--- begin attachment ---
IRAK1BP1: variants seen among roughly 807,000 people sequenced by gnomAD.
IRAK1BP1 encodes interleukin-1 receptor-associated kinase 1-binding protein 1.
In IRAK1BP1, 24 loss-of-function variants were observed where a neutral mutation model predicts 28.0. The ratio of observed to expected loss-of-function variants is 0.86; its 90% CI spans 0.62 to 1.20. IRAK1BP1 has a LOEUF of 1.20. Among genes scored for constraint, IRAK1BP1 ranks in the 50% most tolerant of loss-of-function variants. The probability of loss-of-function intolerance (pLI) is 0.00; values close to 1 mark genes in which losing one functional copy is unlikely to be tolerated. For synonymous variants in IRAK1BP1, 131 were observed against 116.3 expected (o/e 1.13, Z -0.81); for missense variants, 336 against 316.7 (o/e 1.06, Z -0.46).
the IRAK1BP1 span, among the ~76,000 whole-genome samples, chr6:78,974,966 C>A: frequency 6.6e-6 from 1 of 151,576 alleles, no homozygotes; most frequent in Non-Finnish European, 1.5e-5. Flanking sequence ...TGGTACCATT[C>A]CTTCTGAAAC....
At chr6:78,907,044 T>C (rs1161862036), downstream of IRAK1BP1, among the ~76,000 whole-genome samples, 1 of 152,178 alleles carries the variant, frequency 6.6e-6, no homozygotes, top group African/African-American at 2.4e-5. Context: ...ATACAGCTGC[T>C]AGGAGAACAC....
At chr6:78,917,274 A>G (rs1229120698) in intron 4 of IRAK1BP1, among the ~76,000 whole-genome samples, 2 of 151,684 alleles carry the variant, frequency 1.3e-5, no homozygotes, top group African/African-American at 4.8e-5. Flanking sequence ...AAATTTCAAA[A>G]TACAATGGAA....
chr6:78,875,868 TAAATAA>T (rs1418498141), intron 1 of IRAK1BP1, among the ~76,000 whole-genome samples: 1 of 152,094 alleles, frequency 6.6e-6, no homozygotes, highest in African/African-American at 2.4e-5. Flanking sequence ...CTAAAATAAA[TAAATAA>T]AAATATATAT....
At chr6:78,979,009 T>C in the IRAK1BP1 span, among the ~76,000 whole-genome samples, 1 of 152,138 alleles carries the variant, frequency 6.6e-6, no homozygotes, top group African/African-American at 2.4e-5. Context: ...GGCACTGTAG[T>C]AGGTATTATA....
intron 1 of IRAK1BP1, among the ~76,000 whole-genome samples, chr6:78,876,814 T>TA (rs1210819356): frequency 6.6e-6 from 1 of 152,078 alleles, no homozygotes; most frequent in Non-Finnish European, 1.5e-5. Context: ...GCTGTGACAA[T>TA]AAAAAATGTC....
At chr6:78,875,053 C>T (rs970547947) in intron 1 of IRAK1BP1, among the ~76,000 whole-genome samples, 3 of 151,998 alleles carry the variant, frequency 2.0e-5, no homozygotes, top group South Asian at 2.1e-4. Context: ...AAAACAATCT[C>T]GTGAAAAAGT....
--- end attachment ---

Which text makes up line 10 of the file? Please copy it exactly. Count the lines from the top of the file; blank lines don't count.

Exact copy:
At chr6:78,875,053 C>T (rs970547947) in intron 1 of IRAK1BP1, among the ~76,000 whole-genome samples, 3 of 151,998 alleles carry the variant, frequency 2.0e-5, no homozygotes, top group South Asian at 2.1e-4. Context: ...AAAACAATCT[C>T]GTGAAAAAGT....